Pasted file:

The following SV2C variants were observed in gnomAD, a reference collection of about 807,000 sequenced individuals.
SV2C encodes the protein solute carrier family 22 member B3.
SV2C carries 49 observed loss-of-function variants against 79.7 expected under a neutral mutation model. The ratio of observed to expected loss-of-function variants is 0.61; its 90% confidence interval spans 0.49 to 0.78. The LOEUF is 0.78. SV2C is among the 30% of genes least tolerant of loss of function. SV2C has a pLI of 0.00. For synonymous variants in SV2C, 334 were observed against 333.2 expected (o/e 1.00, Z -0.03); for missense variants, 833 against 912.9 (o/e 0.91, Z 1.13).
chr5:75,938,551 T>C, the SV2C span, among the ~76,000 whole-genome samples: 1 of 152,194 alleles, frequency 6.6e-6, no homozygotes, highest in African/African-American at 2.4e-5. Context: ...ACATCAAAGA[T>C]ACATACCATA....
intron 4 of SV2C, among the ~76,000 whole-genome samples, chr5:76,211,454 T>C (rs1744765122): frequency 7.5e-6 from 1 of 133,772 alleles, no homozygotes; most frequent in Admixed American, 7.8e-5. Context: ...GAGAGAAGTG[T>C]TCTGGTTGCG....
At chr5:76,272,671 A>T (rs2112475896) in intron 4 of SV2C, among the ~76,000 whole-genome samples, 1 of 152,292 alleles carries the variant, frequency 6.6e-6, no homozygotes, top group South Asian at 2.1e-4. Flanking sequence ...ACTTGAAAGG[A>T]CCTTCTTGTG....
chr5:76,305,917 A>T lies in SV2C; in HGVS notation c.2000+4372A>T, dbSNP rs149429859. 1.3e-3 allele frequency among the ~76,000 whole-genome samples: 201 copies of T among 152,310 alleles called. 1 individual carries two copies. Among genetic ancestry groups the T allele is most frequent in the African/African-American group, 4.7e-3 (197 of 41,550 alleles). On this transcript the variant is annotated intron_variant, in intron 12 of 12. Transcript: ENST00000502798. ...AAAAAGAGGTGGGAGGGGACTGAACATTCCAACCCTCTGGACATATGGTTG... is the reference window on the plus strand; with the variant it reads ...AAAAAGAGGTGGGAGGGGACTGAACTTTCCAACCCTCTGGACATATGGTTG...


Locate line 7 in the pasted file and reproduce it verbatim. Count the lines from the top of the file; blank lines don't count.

chr5:76,305,917 A>T lies in SV2C; in HGVS notation c.2000+4372A>T, dbSNP rs149429859. 1.3e-3 allele frequency among the ~76,000 whole-genome samples: 201 copies of T among 152,310 alleles called. 1 individual carries two copies. Among genetic ancestry groups the T allele is most frequent in the African/African-American group, 4.7e-3 (197 of 41,550 alleles). On this transcript the variant is annotated intron_variant, in intron 12 of 12. Transcript: ENST00000502798. ...AAAAAGAGGTGGGAGGGGACTGAACATTCCAACCCTCTGGACATATGGTTG... is the reference window on the plus strand; with the variant it reads ...AAAAAGAGGTGGGAGGGGACTGAACTTTCCAACCCTCTGGACATATGGTTG...